At long last, we can expect some results from Steinhoff

Business

At long last, we can expect some results from Steinhoff

Full-year 2017 numbers due in December, before which the company desperately tries to service its debt

Ann Crotty


The former high-flying global furniture and clothing retailer Steinhoff has assured lenders the forensic investigation into accounting irregularities, which prompted a 95% collapse in the share price, will be completed by the end of 2018.
During a presentation on Thursday Steinhoff told lenders, who have agreed to a three-year lockup of the group’s €9.4bn debt, that the group aims to release full year audited results for 2017 by December 31 and results for 2018 by January 31 2019.
Initial findings of the forensic investigation led to the write-off of $12bn, equivalent to over 10% of the group’s assets earlier this year.
On Thursday Steinhoff management informed lenders that plans for a much-needed improvement to the group’s liquidity have been hit by a dispute over the proposed €270.68m sale of Steinhoff’s remaining interest in German-based furniture retailer Poco.
Steinhoff said the dispute with Andreas Seifert, its joint venture partner in Poco, which triggered a damaging investigation by the German tax authorities in 2015, had been settled.
“However, co-shareholders in the holding company have declared a dispute,” said Steinhoff. This means most of the €270.68m proceeds from the sale of the remaining Poco interests will be frozen until the dispute is settled.
During a recent parliamentary hearing, former Steinhoff CEO Markus Jooste told MPs that one of his biggest mistakes was to place so much trust in Siefert. “He turned out to be a bad partner,” said Jooste, who had established a  partnership with the German businessman in 2007.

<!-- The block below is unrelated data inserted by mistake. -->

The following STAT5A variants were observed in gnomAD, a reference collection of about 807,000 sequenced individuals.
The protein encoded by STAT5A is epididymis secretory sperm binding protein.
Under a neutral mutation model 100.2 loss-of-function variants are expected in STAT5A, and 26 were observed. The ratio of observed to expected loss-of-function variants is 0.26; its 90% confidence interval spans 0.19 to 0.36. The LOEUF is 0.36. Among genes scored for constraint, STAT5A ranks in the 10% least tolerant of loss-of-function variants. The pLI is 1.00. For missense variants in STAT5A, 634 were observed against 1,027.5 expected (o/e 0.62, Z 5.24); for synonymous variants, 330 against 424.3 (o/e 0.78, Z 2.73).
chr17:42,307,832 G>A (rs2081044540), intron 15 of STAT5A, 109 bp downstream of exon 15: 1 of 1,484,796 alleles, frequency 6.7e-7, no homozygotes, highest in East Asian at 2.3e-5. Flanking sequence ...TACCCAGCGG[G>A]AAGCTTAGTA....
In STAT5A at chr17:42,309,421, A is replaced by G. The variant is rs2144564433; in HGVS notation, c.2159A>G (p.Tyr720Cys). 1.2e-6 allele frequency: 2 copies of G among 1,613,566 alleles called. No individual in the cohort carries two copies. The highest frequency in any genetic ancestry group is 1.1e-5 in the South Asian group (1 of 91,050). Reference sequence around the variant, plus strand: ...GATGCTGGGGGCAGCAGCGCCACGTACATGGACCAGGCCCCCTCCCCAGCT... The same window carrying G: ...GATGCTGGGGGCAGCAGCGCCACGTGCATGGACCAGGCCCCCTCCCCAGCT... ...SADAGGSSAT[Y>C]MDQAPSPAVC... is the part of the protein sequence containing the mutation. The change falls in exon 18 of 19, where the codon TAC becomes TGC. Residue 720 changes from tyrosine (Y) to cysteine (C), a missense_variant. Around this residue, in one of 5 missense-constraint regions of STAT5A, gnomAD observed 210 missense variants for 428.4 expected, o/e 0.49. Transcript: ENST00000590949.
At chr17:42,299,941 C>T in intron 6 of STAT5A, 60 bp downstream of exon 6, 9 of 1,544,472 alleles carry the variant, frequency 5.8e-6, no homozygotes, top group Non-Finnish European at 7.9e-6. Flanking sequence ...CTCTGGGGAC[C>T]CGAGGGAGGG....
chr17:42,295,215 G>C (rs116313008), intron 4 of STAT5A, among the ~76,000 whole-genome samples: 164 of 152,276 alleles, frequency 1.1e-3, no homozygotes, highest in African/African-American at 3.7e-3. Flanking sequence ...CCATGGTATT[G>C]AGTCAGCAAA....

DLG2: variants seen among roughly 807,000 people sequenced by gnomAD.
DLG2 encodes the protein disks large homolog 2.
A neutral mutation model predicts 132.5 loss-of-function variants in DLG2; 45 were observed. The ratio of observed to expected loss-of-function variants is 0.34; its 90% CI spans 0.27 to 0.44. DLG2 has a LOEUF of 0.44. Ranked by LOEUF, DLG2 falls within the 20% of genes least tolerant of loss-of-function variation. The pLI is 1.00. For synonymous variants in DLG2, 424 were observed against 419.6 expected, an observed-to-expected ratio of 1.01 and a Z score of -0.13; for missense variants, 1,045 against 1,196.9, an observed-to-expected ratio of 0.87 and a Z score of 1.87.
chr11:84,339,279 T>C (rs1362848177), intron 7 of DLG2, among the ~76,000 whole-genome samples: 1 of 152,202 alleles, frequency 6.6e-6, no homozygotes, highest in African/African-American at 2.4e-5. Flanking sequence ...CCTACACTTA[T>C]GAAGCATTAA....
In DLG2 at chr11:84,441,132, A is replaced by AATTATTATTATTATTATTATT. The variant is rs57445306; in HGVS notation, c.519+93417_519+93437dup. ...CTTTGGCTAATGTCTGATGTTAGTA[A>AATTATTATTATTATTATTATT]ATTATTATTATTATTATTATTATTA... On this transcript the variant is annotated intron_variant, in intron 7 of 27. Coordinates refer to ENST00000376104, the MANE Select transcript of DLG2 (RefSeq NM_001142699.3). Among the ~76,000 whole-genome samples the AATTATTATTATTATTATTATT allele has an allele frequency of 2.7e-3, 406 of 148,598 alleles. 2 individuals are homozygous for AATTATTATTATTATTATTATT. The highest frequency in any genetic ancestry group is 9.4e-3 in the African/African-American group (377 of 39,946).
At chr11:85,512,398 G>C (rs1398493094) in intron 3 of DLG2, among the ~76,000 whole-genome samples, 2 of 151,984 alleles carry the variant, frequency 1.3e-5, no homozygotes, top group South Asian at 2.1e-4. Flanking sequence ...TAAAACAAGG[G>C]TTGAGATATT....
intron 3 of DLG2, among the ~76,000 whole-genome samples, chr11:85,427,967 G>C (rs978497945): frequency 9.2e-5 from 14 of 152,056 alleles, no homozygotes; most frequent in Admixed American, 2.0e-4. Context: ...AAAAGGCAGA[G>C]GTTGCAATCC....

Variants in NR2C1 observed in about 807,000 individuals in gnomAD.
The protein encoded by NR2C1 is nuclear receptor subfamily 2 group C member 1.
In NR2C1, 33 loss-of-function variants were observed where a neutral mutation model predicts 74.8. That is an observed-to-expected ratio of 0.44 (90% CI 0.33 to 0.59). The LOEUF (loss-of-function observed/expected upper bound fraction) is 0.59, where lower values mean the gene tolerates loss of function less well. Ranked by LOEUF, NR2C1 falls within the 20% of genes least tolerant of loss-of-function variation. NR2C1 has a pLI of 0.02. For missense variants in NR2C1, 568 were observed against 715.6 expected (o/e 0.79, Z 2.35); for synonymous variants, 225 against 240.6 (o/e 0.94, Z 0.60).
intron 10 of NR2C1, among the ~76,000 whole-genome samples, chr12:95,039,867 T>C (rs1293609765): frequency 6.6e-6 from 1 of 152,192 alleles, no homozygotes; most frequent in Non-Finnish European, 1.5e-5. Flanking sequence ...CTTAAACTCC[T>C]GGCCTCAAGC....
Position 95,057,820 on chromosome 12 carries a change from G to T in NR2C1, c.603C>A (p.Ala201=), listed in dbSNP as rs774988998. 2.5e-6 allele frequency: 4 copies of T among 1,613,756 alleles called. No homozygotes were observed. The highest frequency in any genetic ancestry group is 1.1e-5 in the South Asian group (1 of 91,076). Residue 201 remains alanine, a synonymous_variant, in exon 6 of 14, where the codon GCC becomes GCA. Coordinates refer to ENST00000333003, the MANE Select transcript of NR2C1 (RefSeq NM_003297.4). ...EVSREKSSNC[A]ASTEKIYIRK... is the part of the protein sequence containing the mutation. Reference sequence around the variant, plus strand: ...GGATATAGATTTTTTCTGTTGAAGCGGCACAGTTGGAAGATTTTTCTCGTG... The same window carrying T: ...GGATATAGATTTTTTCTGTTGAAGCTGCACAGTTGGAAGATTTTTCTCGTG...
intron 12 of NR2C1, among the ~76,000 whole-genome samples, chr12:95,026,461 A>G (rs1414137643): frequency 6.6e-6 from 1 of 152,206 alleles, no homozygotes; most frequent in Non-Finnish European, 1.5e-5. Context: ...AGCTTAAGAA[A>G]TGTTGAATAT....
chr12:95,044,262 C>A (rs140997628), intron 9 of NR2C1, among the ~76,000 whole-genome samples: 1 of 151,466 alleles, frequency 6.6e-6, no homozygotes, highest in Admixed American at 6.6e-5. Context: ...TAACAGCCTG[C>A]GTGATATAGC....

Jooste also said he could not say whether the Steinhoff share would recover or what its value would be in the future. “The company has disposed of a lot of assets and what is left is not the same [as the company I managed]; it’s impossible to know what it will look like in future.”
The share price plummeted to R1.07 in June from R56 in November 2017. On Thursday it closed 8% weaker on the day at R2.54.
The three-year lock up agreement with lenders is offering a hefty 10% return for the holders of Steinhoff’s €9.4bn debt, which will be rolled up twice a year. This means Steinhoff will be adding almost €1bn a year to its debt burden, leaving it with a potential €13bn when the agreement expires. The sale of assets will be crucial to relieving some of this debt pressure.
Steinhoff management said the sale of the Kika-Leiner property company, which was valued at €490m, was due to be completed by end-October. The sale of its stake in property company Atterbury Europe generated €223.5m.

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